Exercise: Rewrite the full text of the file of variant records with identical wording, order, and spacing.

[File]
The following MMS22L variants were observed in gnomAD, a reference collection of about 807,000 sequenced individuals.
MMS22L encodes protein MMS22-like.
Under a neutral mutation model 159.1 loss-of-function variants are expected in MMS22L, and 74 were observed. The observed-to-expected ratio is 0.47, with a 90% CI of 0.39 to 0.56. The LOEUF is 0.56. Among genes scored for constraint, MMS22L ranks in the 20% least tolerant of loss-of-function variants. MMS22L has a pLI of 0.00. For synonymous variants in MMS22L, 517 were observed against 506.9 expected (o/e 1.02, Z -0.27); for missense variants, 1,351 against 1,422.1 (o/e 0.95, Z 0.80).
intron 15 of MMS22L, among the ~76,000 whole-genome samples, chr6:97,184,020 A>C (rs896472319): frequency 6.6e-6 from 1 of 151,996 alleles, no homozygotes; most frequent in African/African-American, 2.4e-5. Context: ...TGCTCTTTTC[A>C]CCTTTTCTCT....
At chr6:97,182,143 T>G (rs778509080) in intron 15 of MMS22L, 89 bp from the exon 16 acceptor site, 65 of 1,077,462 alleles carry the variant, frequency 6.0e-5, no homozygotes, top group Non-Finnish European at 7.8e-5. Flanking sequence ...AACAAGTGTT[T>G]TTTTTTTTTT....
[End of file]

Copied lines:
The following MMS22L variants were observed in gnomAD, a reference collection of about 807,000 sequenced individuals.
MMS22L encodes protein MMS22-like.
Under a neutral mutation model 159.1 loss-of-function variants are expected in MMS22L, and 74 were observed. The observed-to-expected ratio is 0.47, with a 90% CI of 0.39 to 0.56. The LOEUF is 0.56. Among genes scored for constraint, MMS22L ranks in the 20% least tolerant of loss-of-function variants. MMS22L has a pLI of 0.00. For synonymous variants in MMS22L, 517 were observed against 506.9 expected (o/e 1.02, Z -0.27); for missense variants, 1,351 against 1,422.1 (o/e 0.95, Z 0.80).
intron 15 of MMS22L, among the ~76,000 whole-genome samples, chr6:97,184,020 A>C (rs896472319): frequency 6.6e-6 from 1 of 151,996 alleles, no homozygotes; most frequent in African/African-American, 2.4e-5. Context: ...TGCTCTTTTC[A>C]CCTTTTCTCT....
At chr6:97,182,143 T>G (rs778509080) in intron 15 of MMS22L, 89 bp from the exon 16 acceptor site, 65 of 1,077,462 alleles carry the variant, frequency 6.0e-5, no homozygotes, top group Non-Finnish European at 7.8e-5. Flanking sequence ...AACAAGTGTT[T>G]TTTTTTTTTT....